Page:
More good news came out of the housing market Wednesday—sales of newly built homes ticked up more than 3 percent in April, according to the Commerce Department, exceeding economists' expectations and providing more credence to the notion that the market is finally stabilizing.
New home sales increased to a seasonally adjusted rate of 343,000, which, while still far below the 700,000 economists say indicates a healthy market, is still good news for the broader economy.
"What the numbers mean today is that we're on this path to probably have 60,000 more new homes built this year than last," Crowe says. "We'll get to about 360,000 this year and we barely got to 300,000 last year."
The figures come on the heels of encouraging numbers in existing home sales released by the National Association of Realtors Tuesday, which showed a 3.4 percent increase in sales of previously owned homes and a significant bump in median home prices.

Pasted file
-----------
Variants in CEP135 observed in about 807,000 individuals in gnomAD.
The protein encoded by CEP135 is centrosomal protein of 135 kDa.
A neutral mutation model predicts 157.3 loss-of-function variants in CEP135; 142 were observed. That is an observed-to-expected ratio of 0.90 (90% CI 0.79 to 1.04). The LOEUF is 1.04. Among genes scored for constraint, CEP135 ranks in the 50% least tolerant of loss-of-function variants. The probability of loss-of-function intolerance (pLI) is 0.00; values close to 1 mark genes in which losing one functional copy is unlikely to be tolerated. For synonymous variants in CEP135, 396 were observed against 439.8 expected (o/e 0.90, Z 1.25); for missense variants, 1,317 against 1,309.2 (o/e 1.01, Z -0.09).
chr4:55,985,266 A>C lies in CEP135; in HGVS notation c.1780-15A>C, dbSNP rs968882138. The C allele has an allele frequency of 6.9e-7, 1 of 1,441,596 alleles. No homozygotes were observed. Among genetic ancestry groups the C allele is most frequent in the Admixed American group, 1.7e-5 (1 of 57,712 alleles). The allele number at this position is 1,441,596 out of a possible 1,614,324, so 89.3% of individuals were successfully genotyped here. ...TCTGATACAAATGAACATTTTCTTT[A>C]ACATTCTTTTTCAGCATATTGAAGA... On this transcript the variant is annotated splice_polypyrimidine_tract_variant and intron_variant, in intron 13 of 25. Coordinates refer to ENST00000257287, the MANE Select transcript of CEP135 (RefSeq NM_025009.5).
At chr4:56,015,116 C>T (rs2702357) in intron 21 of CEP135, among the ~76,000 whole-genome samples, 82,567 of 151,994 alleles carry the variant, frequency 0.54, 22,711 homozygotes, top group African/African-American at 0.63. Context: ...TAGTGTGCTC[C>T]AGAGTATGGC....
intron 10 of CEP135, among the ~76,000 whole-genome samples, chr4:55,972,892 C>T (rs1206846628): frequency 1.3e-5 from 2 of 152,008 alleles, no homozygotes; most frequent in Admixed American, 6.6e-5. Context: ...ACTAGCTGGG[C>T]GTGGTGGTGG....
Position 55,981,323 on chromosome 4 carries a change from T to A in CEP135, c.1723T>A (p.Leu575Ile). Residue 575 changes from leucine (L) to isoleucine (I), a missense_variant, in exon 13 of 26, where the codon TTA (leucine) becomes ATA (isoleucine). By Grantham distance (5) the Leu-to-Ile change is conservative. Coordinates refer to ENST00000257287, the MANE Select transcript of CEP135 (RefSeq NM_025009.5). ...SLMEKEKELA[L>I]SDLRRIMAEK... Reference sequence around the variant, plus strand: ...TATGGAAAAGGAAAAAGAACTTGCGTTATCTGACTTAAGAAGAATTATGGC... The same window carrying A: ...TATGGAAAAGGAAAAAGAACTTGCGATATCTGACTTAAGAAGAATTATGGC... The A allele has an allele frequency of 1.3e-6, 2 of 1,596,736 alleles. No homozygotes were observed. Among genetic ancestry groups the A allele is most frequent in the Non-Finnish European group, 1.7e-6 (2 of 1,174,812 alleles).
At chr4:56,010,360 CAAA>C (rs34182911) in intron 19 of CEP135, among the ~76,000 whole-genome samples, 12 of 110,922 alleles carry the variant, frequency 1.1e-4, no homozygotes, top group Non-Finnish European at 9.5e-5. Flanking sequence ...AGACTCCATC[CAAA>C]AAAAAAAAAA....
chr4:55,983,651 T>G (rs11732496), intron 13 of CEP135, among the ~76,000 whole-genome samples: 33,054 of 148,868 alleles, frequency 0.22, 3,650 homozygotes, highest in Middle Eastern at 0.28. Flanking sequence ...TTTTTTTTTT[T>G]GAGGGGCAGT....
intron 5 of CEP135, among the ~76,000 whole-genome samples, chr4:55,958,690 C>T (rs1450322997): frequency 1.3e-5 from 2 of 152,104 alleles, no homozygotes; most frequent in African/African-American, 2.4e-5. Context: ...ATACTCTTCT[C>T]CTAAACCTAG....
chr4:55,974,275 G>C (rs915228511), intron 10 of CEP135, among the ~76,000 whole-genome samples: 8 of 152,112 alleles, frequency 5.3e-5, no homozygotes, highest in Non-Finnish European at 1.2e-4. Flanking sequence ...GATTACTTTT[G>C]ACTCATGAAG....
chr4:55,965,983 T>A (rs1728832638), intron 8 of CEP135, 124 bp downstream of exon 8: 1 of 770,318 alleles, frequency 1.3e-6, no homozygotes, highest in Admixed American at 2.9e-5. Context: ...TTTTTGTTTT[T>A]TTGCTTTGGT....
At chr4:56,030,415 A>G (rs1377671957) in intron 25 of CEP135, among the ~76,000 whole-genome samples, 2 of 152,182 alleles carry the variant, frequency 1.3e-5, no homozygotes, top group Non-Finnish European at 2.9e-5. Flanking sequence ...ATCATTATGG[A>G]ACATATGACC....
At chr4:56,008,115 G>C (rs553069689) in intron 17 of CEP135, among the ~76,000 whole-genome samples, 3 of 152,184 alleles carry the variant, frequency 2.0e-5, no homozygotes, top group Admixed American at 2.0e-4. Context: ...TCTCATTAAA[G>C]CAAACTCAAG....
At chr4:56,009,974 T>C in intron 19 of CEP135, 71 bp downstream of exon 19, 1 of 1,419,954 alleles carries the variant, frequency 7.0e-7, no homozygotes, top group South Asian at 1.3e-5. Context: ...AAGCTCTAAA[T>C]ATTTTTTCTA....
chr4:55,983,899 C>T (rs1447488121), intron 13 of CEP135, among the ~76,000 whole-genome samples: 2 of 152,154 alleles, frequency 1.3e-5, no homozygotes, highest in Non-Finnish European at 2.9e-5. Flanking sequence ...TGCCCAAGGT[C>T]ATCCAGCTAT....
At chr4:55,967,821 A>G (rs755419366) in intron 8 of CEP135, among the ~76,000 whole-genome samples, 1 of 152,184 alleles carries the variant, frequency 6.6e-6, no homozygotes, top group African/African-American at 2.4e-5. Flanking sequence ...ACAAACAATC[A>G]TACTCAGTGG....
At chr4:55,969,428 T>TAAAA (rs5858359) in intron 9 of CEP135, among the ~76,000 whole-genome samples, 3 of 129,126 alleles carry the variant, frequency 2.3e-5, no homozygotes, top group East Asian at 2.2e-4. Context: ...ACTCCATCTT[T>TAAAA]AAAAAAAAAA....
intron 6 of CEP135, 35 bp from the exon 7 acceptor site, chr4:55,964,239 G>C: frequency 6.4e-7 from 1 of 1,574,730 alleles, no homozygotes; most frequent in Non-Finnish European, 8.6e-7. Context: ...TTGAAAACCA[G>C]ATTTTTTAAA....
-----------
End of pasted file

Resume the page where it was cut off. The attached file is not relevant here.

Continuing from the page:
While the number of new homes built and sold remains lower than experts hoped, the economic impact of new construction still has a hand in buoying the economy overall. According to the National Association of Home Builders, every new single-family home built represents about 3 jobs created and about $90,000 in tax revenue.
David Crowe, chief economist at the NAHB, estimates another 180,000 jobs to be added and around $5.4 billion in tax revenue if home construction and sales continue at the same pace.
But that all depends on whether there's enough house hunters looking to buy brand new homes. Crowe is confident the demand will be there, but it will likely be concentrated in specific markets.
"We have individual markets improving—it's not the country as a whole," he says. "There are 100 markets that are improving [according to the NAHB's Improving Markets Index], which means there will be demand for new homes to be built to satisfy that."
Together, today's new home sales numbers with Tuesday's existing home sales is encouraging Crowe says, but nothing to get too excited about.
"The housing market is stabilizing, but the rate of growth will be modest," Crowe adds.
Meg Handley is a business reporter for U.S. News & World Report. You can reach her at firstname.lastname@example.org and follow her on Twitter.